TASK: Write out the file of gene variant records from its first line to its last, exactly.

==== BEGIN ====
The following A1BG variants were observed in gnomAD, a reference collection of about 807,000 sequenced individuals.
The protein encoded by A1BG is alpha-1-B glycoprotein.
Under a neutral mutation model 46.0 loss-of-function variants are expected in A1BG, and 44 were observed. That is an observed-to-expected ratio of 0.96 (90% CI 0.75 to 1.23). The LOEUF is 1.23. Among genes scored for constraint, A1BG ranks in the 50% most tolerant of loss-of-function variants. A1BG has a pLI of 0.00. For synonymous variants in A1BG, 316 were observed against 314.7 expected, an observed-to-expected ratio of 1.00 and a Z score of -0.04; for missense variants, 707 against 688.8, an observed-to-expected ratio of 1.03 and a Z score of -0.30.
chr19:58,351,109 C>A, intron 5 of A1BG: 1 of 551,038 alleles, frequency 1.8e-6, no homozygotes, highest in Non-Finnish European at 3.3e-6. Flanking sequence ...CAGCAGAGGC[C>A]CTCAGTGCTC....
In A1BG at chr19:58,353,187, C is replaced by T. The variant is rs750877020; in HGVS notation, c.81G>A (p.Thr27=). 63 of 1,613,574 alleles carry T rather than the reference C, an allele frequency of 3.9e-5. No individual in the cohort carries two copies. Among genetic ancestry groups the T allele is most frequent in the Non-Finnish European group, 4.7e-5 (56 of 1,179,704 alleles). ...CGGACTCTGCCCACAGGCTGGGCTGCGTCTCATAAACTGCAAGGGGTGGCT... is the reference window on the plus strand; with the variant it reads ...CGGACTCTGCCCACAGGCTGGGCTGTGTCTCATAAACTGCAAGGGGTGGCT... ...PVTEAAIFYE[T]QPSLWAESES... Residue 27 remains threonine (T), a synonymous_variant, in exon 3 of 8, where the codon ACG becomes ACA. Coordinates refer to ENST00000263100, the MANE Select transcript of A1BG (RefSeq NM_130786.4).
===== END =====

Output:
The following A1BG variants were observed in gnomAD, a reference collection of about 807,000 sequenced individuals.
The protein encoded by A1BG is alpha-1-B glycoprotein.
Under a neutral mutation model 46.0 loss-of-function variants are expected in A1BG, and 44 were observed. That is an observed-to-expected ratio of 0.96 (90% CI 0.75 to 1.23). The LOEUF is 1.23. Among genes scored for constraint, A1BG ranks in the 50% most tolerant of loss-of-function variants. A1BG has a pLI of 0.00. For synonymous variants in A1BG, 316 were observed against 314.7 expected, an observed-to-expected ratio of 1.00 and a Z score of -0.04; for missense variants, 707 against 688.8, an observed-to-expected ratio of 1.03 and a Z score of -0.30.
chr19:58,351,109 C>A, intron 5 of A1BG: 1 of 551,038 alleles, frequency 1.8e-6, no homozygotes, highest in Non-Finnish European at 3.3e-6. Flanking sequence ...CAGCAGAGGC[C>A]CTCAGTGCTC....
In A1BG at chr19:58,353,187, C is replaced by T. The variant is rs750877020; in HGVS notation, c.81G>A (p.Thr27=). 63 of 1,613,574 alleles carry T rather than the reference C, an allele frequency of 3.9e-5. No individual in the cohort carries two copies. Among genetic ancestry groups the T allele is most frequent in the Non-Finnish European group, 4.7e-5 (56 of 1,179,704 alleles). ...CGGACTCTGCCCACAGGCTGGGCTGCGTCTCATAAACTGCAAGGGGTGGCT... is the reference window on the plus strand; with the variant it reads ...CGGACTCTGCCCACAGGCTGGGCTGTGTCTCATAAACTGCAAGGGGTGGCT... ...PVTEAAIFYE[T]QPSLWAESES... Residue 27 remains threonine (T), a synonymous_variant, in exon 3 of 8, where the codon ACG becomes ACA. Coordinates refer to ENST00000263100, the MANE Select transcript of A1BG (RefSeq NM_130786.4).